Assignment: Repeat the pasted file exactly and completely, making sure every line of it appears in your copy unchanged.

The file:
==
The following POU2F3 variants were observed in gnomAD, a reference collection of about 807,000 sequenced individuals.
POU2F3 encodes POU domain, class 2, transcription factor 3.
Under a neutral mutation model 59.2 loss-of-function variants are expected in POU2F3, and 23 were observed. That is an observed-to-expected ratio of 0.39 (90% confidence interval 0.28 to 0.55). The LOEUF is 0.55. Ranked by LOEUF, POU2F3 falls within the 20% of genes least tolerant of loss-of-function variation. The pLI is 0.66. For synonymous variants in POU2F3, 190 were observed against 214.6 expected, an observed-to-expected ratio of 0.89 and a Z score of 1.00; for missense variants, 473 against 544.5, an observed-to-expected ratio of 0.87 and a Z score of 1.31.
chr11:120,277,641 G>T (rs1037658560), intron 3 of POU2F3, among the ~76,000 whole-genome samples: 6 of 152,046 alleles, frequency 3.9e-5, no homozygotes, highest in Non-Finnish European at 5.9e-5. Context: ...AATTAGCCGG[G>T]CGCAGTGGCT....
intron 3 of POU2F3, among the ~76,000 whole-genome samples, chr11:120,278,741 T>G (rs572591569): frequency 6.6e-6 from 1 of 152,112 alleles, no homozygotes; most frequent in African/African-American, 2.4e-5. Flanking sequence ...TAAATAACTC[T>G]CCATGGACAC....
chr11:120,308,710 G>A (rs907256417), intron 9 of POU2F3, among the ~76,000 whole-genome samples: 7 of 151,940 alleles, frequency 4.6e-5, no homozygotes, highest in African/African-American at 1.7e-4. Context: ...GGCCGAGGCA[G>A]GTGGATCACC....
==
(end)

The following POU2F3 variants were observed in gnomAD, a reference collection of about 807,000 sequenced individuals.
POU2F3 encodes POU domain, class 2, transcription factor 3.
Under a neutral mutation model 59.2 loss-of-function variants are expected in POU2F3, and 23 were observed. That is an observed-to-expected ratio of 0.39 (90% confidence interval 0.28 to 0.55). The LOEUF is 0.55. Ranked by LOEUF, POU2F3 falls within the 20% of genes least tolerant of loss-of-function variation. The pLI is 0.66. For synonymous variants in POU2F3, 190 were observed against 214.6 expected, an observed-to-expected ratio of 0.89 and a Z score of 1.00; for missense variants, 473 against 544.5, an observed-to-expected ratio of 0.87 and a Z score of 1.31.
chr11:120,277,641 G>T (rs1037658560), intron 3 of POU2F3, among the ~76,000 whole-genome samples: 6 of 152,046 alleles, frequency 3.9e-5, no homozygotes, highest in Non-Finnish European at 5.9e-5. Context: ...AATTAGCCGG[G>T]CGCAGTGGCT....
intron 3 of POU2F3, among the ~76,000 whole-genome samples, chr11:120,278,741 T>G (rs572591569): frequency 6.6e-6 from 1 of 152,112 alleles, no homozygotes; most frequent in African/African-American, 2.4e-5. Flanking sequence ...TAAATAACTC[T>G]CCATGGACAC....
chr11:120,308,710 G>A (rs907256417), intron 9 of POU2F3, among the ~76,000 whole-genome samples: 7 of 151,940 alleles, frequency 4.6e-5, no homozygotes, highest in African/African-American at 1.7e-4. Context: ...GGCCGAGGCA[G>A]GTGGATCACC....